What is it going to mean to have Indian heritage?: Becoming Minnesotan

Nirupama Misra, c.2006.
  • Name - Nirupama Misra
  • Gender - Female
  • Generation - First Generation American / Immigrant
  • Date of Interview -
  • Nirupama Misra and family, c.1995.

    We Are Here

    Asian Indian, Family, Identity

    Essential Question

    We Are Here: What does it mean to this immigrant group to be here in America?

    Cultural Preservation: How does a person weave his or her traditional culture into a new American identity?

    Words to look for


    Background Information

    Many Indian immigrants struggle with their “dual identity” - especially young people growing up in a different place than their parents did.  Their parents have more memories of growing up in India, and more of a connection to that country, which they often still view as home.  They often form friendships with other Indians and try hard to maintain their Indian culture, religious traditions, and values.    However, the younger generation often feels more "American" than "Indian", and they grow up surrounded by friends and classmates who are not Indian.  Parents face the tough challenge of finding balance between helping their children learn about their traditional Indian culture and also encouraging their children to become comfortable and successful in American society.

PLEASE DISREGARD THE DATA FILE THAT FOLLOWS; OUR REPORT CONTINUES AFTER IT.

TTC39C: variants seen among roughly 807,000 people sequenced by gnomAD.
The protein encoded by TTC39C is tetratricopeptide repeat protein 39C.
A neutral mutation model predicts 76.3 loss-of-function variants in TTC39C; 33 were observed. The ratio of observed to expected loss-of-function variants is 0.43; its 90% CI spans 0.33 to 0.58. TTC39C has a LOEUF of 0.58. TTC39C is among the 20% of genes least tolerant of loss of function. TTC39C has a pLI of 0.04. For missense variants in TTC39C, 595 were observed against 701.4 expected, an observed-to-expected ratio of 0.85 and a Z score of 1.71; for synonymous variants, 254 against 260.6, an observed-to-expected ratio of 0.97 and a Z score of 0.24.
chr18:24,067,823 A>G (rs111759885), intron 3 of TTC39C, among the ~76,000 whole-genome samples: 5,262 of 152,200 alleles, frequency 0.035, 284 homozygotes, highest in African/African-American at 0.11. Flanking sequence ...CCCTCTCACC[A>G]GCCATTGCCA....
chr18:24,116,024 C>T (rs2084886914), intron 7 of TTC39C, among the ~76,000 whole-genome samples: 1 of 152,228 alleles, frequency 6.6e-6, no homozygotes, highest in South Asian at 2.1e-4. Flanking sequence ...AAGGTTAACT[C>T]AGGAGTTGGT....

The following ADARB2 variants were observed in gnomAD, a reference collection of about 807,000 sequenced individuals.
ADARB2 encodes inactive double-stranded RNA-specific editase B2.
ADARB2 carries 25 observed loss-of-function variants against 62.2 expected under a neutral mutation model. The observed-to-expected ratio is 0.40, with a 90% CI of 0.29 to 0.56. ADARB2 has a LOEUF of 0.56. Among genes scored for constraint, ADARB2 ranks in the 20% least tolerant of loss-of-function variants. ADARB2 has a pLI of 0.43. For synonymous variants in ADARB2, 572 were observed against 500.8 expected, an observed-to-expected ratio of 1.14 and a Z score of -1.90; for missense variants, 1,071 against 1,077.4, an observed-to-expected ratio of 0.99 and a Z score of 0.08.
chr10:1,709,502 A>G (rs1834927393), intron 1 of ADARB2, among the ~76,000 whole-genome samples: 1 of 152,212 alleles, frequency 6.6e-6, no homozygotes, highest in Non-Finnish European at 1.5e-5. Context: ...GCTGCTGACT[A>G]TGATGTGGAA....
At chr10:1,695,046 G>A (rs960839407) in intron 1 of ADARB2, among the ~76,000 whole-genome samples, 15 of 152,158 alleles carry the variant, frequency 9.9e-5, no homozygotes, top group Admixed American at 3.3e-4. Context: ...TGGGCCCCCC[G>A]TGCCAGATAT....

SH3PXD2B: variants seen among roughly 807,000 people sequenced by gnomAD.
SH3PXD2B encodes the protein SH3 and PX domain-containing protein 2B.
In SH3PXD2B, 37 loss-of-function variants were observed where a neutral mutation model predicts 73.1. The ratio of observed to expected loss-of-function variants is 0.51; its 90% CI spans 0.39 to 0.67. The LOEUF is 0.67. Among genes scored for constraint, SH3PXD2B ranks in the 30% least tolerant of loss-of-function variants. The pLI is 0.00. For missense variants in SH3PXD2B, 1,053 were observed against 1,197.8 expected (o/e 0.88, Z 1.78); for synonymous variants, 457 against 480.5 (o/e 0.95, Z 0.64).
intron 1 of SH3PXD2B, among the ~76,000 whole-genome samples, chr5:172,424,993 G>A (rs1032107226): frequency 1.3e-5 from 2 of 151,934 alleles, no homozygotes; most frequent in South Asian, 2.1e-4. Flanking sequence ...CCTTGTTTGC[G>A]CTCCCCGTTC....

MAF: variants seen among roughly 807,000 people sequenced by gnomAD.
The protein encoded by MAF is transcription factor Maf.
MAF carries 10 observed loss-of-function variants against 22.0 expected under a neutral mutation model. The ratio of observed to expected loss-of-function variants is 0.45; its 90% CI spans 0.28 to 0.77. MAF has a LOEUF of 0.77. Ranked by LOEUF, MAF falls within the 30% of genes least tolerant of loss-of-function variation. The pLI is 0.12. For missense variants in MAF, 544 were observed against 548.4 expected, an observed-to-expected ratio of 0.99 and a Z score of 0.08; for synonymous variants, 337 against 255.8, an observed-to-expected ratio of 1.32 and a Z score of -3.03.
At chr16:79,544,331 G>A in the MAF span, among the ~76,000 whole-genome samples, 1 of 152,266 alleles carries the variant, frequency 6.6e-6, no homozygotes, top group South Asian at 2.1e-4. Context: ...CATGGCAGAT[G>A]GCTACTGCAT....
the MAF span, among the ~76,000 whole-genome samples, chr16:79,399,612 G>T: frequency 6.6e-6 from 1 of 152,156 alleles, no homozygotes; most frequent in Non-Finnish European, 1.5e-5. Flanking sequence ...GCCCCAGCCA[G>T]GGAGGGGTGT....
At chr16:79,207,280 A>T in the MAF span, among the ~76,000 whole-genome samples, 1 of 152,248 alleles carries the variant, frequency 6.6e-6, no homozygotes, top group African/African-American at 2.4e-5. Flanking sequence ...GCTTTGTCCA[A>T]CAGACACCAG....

To learn more about Asian Indian history and culture, visit our Asian Indian Community page.

    • Chapter 1
    • Chapter 2

    Download Nirupama Misra 5
    1:58 Minutes | 1.89Mb


    Narrator: Nirupama Misra (NM)

    Interviewer: Polly Sonifer (PS)

    PS:  So what are you finding, raising children in this culture? Are there things that stand out?

    NM:   It's been such an education raising them, and it's been so much fun, but it really has made me stop and think about what I want for them, and how am I going to try to get them through these years so that they have intact a sense of their heritage. And, you know, for me, it's a difficult task that I don't go too far in one direction or the other, because I try to think, six, seven generations down the road, how is all this going to matter? Because I think the fact that my father and mother came here, and never really intended to settle here, and now here we are.  You know, the lineage is going to proceed here in America, probably, and what is it going to mean to have Indian heritage?

    I know some families have a very strong sense of, "We want our children to be as Indian as possible," even though they're here in America. I guess what I want for my children is that they have a very strong sense of their heritage, and are able to draw from it some very, very valuable things, but it is going to have to be tempered by the fact that this is where they live, and this is where they're growing up.

    I want them to be very well versed in this culture, because I think that's going to be a tremendous source of strength, and if they miss it, it's gone. It's not going to be easy, I think. I think children who are having to deal too much with their Indian-ness are going to have a harder time in the mainstream.

    Continues in Chapter 2

    Download Nirupama Misra 6